I declare an interest as the former leader of Unite. This levy is correctly being called a trade union tax. Indeed, it is nothing less, as we know, than an ideological attack on workers and their families. It is part of a pattern of anti-trade union legislation that also includes the Elections Bill. As the previous speaker just said, taxing trade unions to fund their own regulator makes as much sense as taxing charities to fund the Charity Commission. It could be up to 2.5% of annual income. How on earth can that be justified? How on earth can that be right? By taking this money from trade unions, the Government are restricting their ability to support members at work at a time when workers are facing a cost-of-living crisis and trade union help is needed more than ever.
The new regulations unfortunately also open the door to vexatious complaints—whether from vindictive employers, far-right organisations or even the Conservative Party itself—which threaten to consume the regulator’s time and resources, and therefore cost more money for the trade unions. Is that the aim? As has been said, last year, 34 complaints were made to the Certification Officer and no enforcement action was taken. Clearly, this is a solution to a problem that does not exist. Unions naturally fear that this number will dramatically rise when absolutely anybody, not just union members, has the power to make complaints. Of course, it will be the unions who foot the bill.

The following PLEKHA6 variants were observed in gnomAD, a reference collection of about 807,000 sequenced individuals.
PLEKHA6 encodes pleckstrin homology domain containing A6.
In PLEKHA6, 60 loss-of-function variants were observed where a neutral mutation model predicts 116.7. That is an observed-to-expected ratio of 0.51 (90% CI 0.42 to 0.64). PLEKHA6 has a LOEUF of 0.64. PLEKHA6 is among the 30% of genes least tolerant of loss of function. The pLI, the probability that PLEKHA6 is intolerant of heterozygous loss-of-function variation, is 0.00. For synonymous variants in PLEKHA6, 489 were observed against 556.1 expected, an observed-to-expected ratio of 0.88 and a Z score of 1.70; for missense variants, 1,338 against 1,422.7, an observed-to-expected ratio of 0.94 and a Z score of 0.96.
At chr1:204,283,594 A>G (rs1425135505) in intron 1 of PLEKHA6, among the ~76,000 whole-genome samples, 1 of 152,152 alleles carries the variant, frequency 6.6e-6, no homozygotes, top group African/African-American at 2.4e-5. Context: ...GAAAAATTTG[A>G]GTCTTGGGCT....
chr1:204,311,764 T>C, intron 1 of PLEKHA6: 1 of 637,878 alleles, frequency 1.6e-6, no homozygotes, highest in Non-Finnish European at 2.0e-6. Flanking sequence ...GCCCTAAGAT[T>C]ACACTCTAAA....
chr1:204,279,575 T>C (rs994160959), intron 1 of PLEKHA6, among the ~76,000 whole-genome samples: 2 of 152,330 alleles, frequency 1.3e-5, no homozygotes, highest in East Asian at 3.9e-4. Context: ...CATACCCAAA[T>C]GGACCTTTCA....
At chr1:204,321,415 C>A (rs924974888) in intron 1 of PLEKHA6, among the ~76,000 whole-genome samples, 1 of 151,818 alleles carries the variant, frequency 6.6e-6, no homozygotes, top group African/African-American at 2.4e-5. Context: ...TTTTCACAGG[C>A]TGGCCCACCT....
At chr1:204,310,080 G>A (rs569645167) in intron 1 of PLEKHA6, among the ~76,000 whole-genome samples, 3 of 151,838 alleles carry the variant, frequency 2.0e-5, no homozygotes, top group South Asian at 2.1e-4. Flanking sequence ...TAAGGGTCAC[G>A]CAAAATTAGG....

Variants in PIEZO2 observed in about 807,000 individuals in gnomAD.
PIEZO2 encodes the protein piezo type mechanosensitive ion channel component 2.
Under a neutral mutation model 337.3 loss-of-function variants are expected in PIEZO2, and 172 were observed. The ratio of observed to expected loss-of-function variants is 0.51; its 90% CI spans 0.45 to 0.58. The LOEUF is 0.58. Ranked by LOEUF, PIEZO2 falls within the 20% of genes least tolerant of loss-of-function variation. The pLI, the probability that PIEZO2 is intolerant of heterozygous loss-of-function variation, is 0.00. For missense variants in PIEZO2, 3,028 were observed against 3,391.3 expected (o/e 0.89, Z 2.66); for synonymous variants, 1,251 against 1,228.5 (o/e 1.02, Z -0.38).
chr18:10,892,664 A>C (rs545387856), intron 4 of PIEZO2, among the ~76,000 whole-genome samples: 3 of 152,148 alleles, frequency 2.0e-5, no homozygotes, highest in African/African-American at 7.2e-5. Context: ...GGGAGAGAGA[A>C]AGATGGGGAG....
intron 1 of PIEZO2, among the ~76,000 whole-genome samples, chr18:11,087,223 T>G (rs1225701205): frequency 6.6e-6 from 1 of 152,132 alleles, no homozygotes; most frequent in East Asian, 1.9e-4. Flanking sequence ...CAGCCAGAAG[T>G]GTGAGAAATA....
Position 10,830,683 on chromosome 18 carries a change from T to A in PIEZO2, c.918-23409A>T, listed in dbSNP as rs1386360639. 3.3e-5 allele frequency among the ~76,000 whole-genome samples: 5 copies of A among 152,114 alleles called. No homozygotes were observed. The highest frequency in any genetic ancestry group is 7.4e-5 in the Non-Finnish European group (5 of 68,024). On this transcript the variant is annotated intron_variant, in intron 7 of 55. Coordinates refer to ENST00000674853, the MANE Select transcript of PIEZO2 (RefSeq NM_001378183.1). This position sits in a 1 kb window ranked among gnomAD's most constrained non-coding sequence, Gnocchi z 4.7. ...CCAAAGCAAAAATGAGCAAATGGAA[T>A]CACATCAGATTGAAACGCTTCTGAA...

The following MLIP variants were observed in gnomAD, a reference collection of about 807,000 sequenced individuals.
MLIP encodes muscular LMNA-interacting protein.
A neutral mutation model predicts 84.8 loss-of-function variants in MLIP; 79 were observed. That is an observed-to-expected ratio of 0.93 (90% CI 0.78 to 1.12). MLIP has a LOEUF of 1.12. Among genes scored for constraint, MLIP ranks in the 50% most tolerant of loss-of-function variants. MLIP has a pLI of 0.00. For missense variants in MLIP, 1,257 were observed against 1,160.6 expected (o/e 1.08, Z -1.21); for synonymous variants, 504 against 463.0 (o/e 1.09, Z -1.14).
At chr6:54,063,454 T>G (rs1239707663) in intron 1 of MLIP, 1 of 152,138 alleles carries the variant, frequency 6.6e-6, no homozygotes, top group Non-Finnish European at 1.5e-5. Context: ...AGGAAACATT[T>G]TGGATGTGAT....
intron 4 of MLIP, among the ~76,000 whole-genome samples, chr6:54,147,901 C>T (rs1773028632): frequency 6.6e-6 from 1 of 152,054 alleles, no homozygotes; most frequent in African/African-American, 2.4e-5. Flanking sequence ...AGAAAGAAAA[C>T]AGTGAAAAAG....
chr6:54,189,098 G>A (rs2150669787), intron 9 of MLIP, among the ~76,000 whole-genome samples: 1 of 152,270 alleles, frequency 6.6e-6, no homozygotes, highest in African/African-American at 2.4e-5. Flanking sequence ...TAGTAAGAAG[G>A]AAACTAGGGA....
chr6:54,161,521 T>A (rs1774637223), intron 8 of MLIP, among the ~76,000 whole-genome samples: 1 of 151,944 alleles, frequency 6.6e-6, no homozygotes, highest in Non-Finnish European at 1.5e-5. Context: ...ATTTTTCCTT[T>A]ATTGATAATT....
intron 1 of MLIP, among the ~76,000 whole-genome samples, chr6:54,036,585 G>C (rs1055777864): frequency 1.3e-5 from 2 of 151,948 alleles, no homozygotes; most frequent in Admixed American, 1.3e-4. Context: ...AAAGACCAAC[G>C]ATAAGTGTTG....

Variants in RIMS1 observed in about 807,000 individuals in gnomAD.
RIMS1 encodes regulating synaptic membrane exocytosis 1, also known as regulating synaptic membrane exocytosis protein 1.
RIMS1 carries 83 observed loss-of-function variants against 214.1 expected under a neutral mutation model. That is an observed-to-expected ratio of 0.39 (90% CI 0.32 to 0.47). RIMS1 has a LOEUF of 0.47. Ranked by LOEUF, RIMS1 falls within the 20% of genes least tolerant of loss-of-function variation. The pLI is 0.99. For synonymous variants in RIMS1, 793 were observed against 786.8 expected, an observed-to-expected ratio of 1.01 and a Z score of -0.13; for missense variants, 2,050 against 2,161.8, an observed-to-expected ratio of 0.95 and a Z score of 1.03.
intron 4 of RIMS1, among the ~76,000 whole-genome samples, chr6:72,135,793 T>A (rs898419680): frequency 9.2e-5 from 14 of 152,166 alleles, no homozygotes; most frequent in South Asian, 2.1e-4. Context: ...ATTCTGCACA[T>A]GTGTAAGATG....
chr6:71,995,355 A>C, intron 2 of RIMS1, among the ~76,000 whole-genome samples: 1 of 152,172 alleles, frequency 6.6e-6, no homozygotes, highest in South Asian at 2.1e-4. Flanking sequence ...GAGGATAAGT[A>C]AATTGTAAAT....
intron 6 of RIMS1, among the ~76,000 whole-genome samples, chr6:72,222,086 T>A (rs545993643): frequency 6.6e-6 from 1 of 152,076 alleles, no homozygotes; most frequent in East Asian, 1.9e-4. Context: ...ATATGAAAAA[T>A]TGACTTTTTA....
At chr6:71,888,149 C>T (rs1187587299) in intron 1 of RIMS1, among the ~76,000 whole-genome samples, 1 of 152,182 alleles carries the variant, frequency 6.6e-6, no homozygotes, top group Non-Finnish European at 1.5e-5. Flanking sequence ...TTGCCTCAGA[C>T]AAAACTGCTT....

I will close on some straightforward questions for the Minister, one or two of which have already been mentioned. Why are the Government bringing forward these aspects of the Trade Union Act 2016, but not making any progress on the important issue of electronic balloting? Where are the pilot projects called for in the Knight review, which could be very helpful? We find ourselves in a situation where they are not being brought forward now. Is it the very fact that, democratically, people do not want trade unions to really be democratic? It is just an attack. Could the Minister also tell me when we can expect to see the much-promised employment Bill that will